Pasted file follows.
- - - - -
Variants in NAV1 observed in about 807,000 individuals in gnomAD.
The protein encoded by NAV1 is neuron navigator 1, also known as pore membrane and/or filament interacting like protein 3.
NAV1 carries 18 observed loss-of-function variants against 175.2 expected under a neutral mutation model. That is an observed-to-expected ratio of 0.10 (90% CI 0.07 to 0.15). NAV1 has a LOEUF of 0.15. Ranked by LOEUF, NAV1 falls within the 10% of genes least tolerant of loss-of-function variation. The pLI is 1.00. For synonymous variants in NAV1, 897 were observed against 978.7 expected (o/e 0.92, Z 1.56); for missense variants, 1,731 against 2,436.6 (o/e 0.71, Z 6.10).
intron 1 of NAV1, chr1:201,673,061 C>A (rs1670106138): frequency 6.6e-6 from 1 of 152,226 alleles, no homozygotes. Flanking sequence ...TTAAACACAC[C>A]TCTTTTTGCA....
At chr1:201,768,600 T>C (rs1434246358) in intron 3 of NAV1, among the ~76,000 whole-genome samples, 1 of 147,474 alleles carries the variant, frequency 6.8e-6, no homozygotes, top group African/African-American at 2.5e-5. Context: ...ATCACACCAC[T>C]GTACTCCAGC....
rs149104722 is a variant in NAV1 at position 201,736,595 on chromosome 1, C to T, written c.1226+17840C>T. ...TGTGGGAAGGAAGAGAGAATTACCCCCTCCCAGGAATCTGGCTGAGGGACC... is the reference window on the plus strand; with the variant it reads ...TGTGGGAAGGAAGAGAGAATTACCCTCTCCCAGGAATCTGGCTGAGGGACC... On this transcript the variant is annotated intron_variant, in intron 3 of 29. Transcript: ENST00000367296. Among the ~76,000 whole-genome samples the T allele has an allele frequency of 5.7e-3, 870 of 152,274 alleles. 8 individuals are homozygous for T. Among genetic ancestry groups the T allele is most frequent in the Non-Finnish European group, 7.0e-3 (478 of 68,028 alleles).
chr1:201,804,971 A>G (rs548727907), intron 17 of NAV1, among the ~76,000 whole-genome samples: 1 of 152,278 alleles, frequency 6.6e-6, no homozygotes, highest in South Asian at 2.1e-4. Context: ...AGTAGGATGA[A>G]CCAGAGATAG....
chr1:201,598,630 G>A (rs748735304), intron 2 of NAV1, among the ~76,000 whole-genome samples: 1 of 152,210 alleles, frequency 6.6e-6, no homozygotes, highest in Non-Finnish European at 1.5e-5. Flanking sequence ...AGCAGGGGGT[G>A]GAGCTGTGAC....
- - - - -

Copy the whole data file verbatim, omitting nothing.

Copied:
Variants in NAV1 observed in about 807,000 individuals in gnomAD.
The protein encoded by NAV1 is neuron navigator 1, also known as pore membrane and/or filament interacting like protein 3.
NAV1 carries 18 observed loss-of-function variants against 175.2 expected under a neutral mutation model. That is an observed-to-expected ratio of 0.10 (90% CI 0.07 to 0.15). NAV1 has a LOEUF of 0.15. Ranked by LOEUF, NAV1 falls within the 10% of genes least tolerant of loss-of-function variation. The pLI is 1.00. For synonymous variants in NAV1, 897 were observed against 978.7 expected (o/e 0.92, Z 1.56); for missense variants, 1,731 against 2,436.6 (o/e 0.71, Z 6.10).
intron 1 of NAV1, chr1:201,673,061 C>A (rs1670106138): frequency 6.6e-6 from 1 of 152,226 alleles, no homozygotes. Flanking sequence ...TTAAACACAC[C>A]TCTTTTTGCA....
At chr1:201,768,600 T>C (rs1434246358) in intron 3 of NAV1, among the ~76,000 whole-genome samples, 1 of 147,474 alleles carries the variant, frequency 6.8e-6, no homozygotes, top group African/African-American at 2.5e-5. Context: ...ATCACACCAC[T>C]GTACTCCAGC....
rs149104722 is a variant in NAV1 at position 201,736,595 on chromosome 1, C to T, written c.1226+17840C>T. ...TGTGGGAAGGAAGAGAGAATTACCCCCTCCCAGGAATCTGGCTGAGGGACC... is the reference window on the plus strand; with the variant it reads ...TGTGGGAAGGAAGAGAGAATTACCCTCTCCCAGGAATCTGGCTGAGGGACC... On this transcript the variant is annotated intron_variant, in intron 3 of 29. Transcript: ENST00000367296. Among the ~76,000 whole-genome samples the T allele has an allele frequency of 5.7e-3, 870 of 152,274 alleles. 8 individuals are homozygous for T. Among genetic ancestry groups the T allele is most frequent in the Non-Finnish European group, 7.0e-3 (478 of 68,028 alleles).
chr1:201,804,971 A>G (rs548727907), intron 17 of NAV1, among the ~76,000 whole-genome samples: 1 of 152,278 alleles, frequency 6.6e-6, no homozygotes, highest in South Asian at 2.1e-4. Context: ...AGTAGGATGA[A>G]CCAGAGATAG....
chr1:201,598,630 G>A (rs748735304), intron 2 of NAV1, among the ~76,000 whole-genome samples: 1 of 152,210 alleles, frequency 6.6e-6, no homozygotes, highest in Non-Finnish European at 1.5e-5. Flanking sequence ...AGCAGGGGGT[G>A]GAGCTGTGAC....